Then another two days with my family in Roseau: beautiful weather, and just enough time to chat and laugh and love and be loved by the folks who’ve known me longest. The only bummer was Jen and the boys weren’t able to make it up there with me. My brother and I took care of a minor problem my mom was having with disappearing flowers (notice trophy photo). I actually felt really bad about it until my sister said something like if she could shoot a gun she’d have shot it. That was my sweet little sister. You’d think these were vampire bunnies or something. They were eating Mom’s trees. That is a big deal. So I came home a hero. Forget that I somehow beat cancer – I saved Mom’s flowers.
Boy it was good to be home! And to feel well while there. It’s been a long time. Even Easter just over a month ago I was there, but I wasn’t well. Couldn’t even hold a golf club then for the pain in my wrists. And as I mention this, I realize that all this writing isn’t the best thing right now, either. I wrote four pages this past weekend in an effort to recap the lessons of this last year. Sent it out yesterday as a letter to the masses. If for whatever reason I didn’t have your email addy and you’d like to read it, it should be posted soon as a link from my “Cancer” page. Otherwise, send me an email and I’ll forward one on to you.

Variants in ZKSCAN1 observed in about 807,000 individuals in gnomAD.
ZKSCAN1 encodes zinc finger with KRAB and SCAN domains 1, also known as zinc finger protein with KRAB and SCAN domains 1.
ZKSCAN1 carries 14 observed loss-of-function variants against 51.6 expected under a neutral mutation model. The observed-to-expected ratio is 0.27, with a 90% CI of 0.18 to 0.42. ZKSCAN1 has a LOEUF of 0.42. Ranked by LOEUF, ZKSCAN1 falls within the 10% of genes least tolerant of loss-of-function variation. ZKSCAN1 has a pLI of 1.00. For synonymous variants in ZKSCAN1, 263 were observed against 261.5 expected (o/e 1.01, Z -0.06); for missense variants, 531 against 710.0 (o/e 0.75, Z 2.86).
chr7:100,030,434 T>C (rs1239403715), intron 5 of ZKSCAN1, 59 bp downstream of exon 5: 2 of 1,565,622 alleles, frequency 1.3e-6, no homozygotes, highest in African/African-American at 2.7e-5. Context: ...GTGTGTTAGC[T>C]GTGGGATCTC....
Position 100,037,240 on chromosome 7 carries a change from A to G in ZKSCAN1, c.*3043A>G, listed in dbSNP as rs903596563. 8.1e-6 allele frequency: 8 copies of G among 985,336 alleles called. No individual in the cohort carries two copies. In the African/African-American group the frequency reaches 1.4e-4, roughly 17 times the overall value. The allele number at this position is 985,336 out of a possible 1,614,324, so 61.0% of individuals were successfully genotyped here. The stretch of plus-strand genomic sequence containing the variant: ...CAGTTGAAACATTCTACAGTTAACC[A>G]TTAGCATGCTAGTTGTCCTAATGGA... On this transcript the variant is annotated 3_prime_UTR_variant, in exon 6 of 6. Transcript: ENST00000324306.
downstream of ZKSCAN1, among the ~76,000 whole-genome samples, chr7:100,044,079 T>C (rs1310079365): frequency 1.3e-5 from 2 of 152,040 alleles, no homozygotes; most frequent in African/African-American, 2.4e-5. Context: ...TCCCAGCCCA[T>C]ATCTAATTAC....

As a brief rundown of current stats: I’m on a pretty slim regimen of huge amounts vitamins, Crohns medications, and daily narcotics for pain in my hips and lower back, legs, shoulders, and neck. My last chemo was nearly three weeks ago as an infusion. I’m scheduled for another the first Monday in June. That week will also be the reintroduction of one of the chemos that has been so hard for my body to handle, but at a reduced dose. I’m to do this through May of 2007. Next Friday I’m being scanned for traces of the cancer, and to determine whether I’ve got any signs of osteoporosis due to the steroid therapy. I told the youth group that I’d be in a hospital gown for four hours Friday morning. I don’t look good in hospital gowns. They’re too big for me. But who does look good in hospital gowns?
So I’m happy these days. Though often tired, and regularly in a good deal of pain. The first two weeks of every four-week cycle are a little tricky emotionally as a side effect of the steroids, but beyond that, and even then, the overriding emotion is one of hope and expectancy, and gratitude for what feels a bit like a second chance.
Thanks for checking in. Next post will likely be on the other side of those scans.
PS. We’ve posted two new free downloadable mp3s. One’s my most recent song offering, written before Christmas of 2002; it’s a poem that compares the synthesis of heart and mind (the acutality of faith) with C.S. Lewis’ “Strawberry” the horse getting wings and a new name. You can find that one on the music page (“Fledge”). The other’s a message I gave at our church during Lent. That one’s on the homepage. Enjoy.